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纽约客逗号女王的挑剔荣耀

The nit-picking glory of The New Yorker's Comma Queen | Mary Norris

在过去38年的时间里 我都尽力试着做一个隐形人
I have spent the past 38 years trying to be invisible.
我是一名文字编辑
I’m a copy editor.
我在纽约客工作
I work at The New Yorker,
为纽约客做文字编辑
and copyediting for The New Yorker is like playing shortstop
就像是为«职业棒球联盟»打游击手一样
for a Major League Baseball team:
每一个微小的动作 都会被批评家们挑出刺儿来
every little movement gets picked over by the critics —
上帝禁止你出任何差错
God forbid you should commit an error.
先澄清一点 文字编辑并没有权利选择可以被发表的文章
Just to clarify: copy editors don’t choose what goes into the magazine.
我们在句子层面工作
We work at the level of the sentence,
也兼顾篇章
maybe the paragraph,
我们看的是字词 标点
the words, the punctuation.
我们的工作主要集中于细节
Our business is in the details.
我们加入分音符 就是在 “naive”中字母i上面的两个点
We put the diaeresis, the double dot, over the “i” in “naïve.”
我们做独特的印刷风格
We impose house style.
每一份出版刊物都有自己的印刷风格
Every publication has a house style.
纽约客的风格更是别具一格
The New Yorker’s is particularly distinctive.
我们有时候会因为独特的风格而遭到嘲笑
We sometimes get teased for our style.
设想一下 我们仍然在拼写“teen-ager”的时候加上连字符
Imagine — we still spell “teen-ager” with a hyphen,
就像这词才刚刚被造出来似的
as if that word had just been coined.
但是你一看到在“teen-age”里面的连字符
But you see that hyphen in “teen-age”
和在“coöperate”上面的分音符
and that diaeresis over “coöperate,”
你就知道你正在读的是纽约客了
and you know you’re reading The New Yorker.
在纽约客做编辑是一个机械的过程
Copyediting at The New Yorker is a mechanical process.
有一个与此相关的环节叫做查询校对
There is a related role called query proofreading,
或者叫“让这一页OK”
or page-OK’ing.
与机械性的编辑工作形成对照的是
Whereas copyediting is mechanical,
查询校对起到解释说明的作用
query proofreading is interpretive.
我们通过编者来对作者提出建议
We make suggestions to the author through the editor
以便能够加强句子语气
to improve the emphasis of a sentence
或者指出无意识的重复
or point out unintentional repetitions
也会提出更有力的替代选项
and supply compelling alternatives.
我们的目的是让作者看起来更完美
Our purpose is to make the author look good.
既然我们不是把校对意见直接告诉作者
Note that we give our proofs not directly to the author,
而是告诉编辑
but to the editor.
这就会造成好人 坏人的动态转换
This often creates a good cop/bad cop dynamic
在这个过程中 文字编辑 我来解释一下
in which the copy editor — I’ll use that as an umbrella term —
是永恒不变的坏人
is invariably the bad cop.
如果我们把工作做好了 我们就能继续隐形
If we do our job well, we’re invisible,
可是一旦我们犯了错
but as soon as we make a mistake,
我们审稿员就会成为众矢之的
we copy editors become glaringly visible.
这是我最近犯的错误
Here is the most recent mistake that was laid at my door.
【上周二 在共和党集会上
[Last Tuesday, Sarah Palin, the pre-Trump embodiment
Sarah Palin在特朗普之前已经成为无可知论 (no-nothingism) 的化身
of populist no-nothingism in the Republican Party,
支持特朗普】
endorsed Trump.]
有读者问 “纽约客传说中的审稿员都干嘛去了”
“Where were The New Yorker’s fabled copy editors?” a reader wrote.
“难道作者想说的不是不可知论(know-knowingism)吗?”
“Didn’t the writer mean ‘know-nothingism’?”
哎呦
Ouch.
犯这种错误是没有任何借口的
There’s no excuse for this mistake.
但是我喜欢no-nothingism
But I like it: “no-nothingism.”
这有可能是美国版的“虚无主义”呀
It might be American vernacular for “nihilism.”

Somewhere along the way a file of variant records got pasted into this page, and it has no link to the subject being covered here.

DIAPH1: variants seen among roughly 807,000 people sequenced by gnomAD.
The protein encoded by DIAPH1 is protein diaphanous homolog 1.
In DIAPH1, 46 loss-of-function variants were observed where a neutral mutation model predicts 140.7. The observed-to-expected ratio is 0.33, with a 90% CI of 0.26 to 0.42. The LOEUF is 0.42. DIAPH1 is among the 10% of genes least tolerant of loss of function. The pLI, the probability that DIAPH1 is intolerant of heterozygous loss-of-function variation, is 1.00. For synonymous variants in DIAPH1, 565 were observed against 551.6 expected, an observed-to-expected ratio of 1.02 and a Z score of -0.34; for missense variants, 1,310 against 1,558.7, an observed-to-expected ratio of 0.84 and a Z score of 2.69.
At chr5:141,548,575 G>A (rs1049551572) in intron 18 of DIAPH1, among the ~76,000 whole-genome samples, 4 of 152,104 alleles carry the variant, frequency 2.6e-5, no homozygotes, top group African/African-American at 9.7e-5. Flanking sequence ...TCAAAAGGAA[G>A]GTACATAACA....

[笑声]
(Laughter)
另一个读者引用杂志里的一段话
Here, another reader quotes a passage from the magazine:
【Ruby已经76岁了 但她仍然保持权威的姿态
[Ruby was seventy-six, but she retained her authoritative bearing;
只有她蹒跚的步态与她的年龄不相符】
only her unsteady gait belied her age.]
他说
He added:
“当然了 纽约客里的人知道“belied(与……不相符)”的意思
“Surely, someone at The New Yorker knows the meaning of ‘belied,’
但在这个句子里却完全把这个单词用反了
and that it is the opposite of how it is used in this sentence.
别闹了!认真点行么!”
Come on! Get it together.”
Belie的意思是 给别人以错误的印象
Belie: to give a false impression.
在这儿应该用“暴露”这个词更加合适
It should have been “betrayed.”
E.B. White有一次写到纽约客里的逗号 他说
E.B. White once wrote of commas in The New Yorker:
“他们像用刀去描绘人体轮廓一样 精准的分毫不差”
“They fall with the precision of knives outlining a body.”
[笑声]
(Laughter)
这是事实 我们收到了好多关于逗号的投诉
And it’s true — we get a lot of complaints about commas.
“在’Martin Luther King, Jr., Boulevard’里 真的有两个逗号吗?”
“Are there really two commas in ‘Martin Luther King, Jr., Boulevard’?”
也许没有明确的说明 但是没错 这就是纽约客写 “Jr.”的风格
There may not be on the sign, but yes, that is New Yorker style for “Jr.”
有个爱开玩笑的人说
One wag wrote:
【“拜托 你们可不可以杜绝 或者 至少 限制 一下
[“Please, could you expel, or, at least, restrain,
在你们的编辑中间那一股逗号狂热症 的存在?”】
the comma-maniac, on your editorial staff?”]
[笑声]
(Laughter)
恩 好吧
Ah, well.
在这句话里 别的逗号放的都合情合理
In this case, those commas are well-placed,
只是有一点
except that there should not be one
在maniac和on之间 不应该有逗号出现
between “maniac” and “on.”
[笑声]
(Laughter)
同样 如果在“at least (至少)”这个短语周围需要逗号的话
Also, if we must have commas around “at least,”
我们通常会改用破折号
we might change it up by using dashes around that phrase:
“…… 或者 至少 限制 ”
“… — or, at least, restrain –“
完美
Perfect.
[掌声]
(Applause)
还有这种:
Then there’s this:
“爱你们 也爱你们的杂志
“Love you, love your magazine,
但是能不能不要在文章里用英文写出巨额数字了?”
but can you please stop writing massive numbers as text?”
【二百五十万……三百八十五万……】
[two and a half million …]
不行
No.
[笑声]
(Laughter)
最后的强烈抗议是针对拼写的细节
One last cri de coeur from a spelling stickler:
【“那些细长的像绳子一样的东西是声带(vocal cord) 不是和弦(chord)”】
[“Those long stringy things are vocal cords, not chords.”]
愤怒的读者说
The outraged reader added,
“我确信我肯定不是第一个
“I’m sure I’m not the first to write
来指出这些超乎寻常的审阅纰漏的人
regarding this egregious proofreading error,
但我可以肯定 我也不是最后一个
but I’m equally sure I won’t be the last.
呸!”
Fie!”
[笑声]
(Laughter)
我是真喜欢收信呐!
I used to like getting mail.
在作者和编辑之间有一种契约
There is a pact between writers and editors.
编辑从来不会出卖作者
The editor never sells out the writer,
也不会把剪掉的不好玩的笑话
never goes public about bad jokes that had to be cut
和冗长的故事告诉别人
or stories that went on too long.
伟大的编辑通过适当的删减 来拯救作者
A great editor saves a writer from her excesses.
审稿人也有我们的执业准则
Copy editors, too, have a code;
我们不会到处宣讲我们对文章的监管
we don’t advertise our oversights.
在这儿泄露这些秘密 我觉得自己不太忠诚
I feel disloyal divulging them here,
所以来一起看看我们做的合适的事儿
so let’s have look at what we do right.